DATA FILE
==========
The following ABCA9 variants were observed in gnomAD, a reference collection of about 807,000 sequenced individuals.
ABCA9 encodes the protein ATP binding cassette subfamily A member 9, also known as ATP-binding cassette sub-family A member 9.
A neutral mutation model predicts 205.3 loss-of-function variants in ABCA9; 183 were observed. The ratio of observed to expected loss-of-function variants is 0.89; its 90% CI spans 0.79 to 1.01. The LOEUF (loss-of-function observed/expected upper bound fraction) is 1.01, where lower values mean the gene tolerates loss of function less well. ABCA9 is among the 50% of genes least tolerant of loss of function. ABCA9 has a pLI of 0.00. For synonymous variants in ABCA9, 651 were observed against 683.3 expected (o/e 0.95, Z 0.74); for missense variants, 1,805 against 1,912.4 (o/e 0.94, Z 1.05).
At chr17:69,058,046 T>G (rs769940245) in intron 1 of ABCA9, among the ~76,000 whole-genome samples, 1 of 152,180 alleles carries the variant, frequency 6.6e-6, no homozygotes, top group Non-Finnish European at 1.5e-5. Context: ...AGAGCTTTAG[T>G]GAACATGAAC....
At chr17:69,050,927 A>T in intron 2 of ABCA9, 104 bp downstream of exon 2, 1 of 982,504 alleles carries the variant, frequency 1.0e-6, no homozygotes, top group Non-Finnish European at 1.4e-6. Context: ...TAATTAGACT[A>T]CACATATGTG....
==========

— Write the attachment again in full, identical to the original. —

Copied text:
The following ABCA9 variants were observed in gnomAD, a reference collection of about 807,000 sequenced individuals.
ABCA9 encodes the protein ATP binding cassette subfamily A member 9, also known as ATP-binding cassette sub-family A member 9.
A neutral mutation model predicts 205.3 loss-of-function variants in ABCA9; 183 were observed. The ratio of observed to expected loss-of-function variants is 0.89; its 90% CI spans 0.79 to 1.01. The LOEUF (loss-of-function observed/expected upper bound fraction) is 1.01, where lower values mean the gene tolerates loss of function less well. ABCA9 is among the 50% of genes least tolerant of loss of function. ABCA9 has a pLI of 0.00. For synonymous variants in ABCA9, 651 were observed against 683.3 expected (o/e 0.95, Z 0.74); for missense variants, 1,805 against 1,912.4 (o/e 0.94, Z 1.05).
At chr17:69,058,046 T>G (rs769940245) in intron 1 of ABCA9, among the ~76,000 whole-genome samples, 1 of 152,180 alleles carries the variant, frequency 6.6e-6, no homozygotes, top group Non-Finnish European at 1.5e-5. Context: ...AGAGCTTTAG[T>G]GAACATGAAC....
At chr17:69,050,927 A>T in intron 2 of ABCA9, 104 bp downstream of exon 2, 1 of 982,504 alleles carries the variant, frequency 1.0e-6, no homozygotes, top group Non-Finnish European at 1.4e-6. Context: ...TAATTAGACT[A>T]CACATATGTG....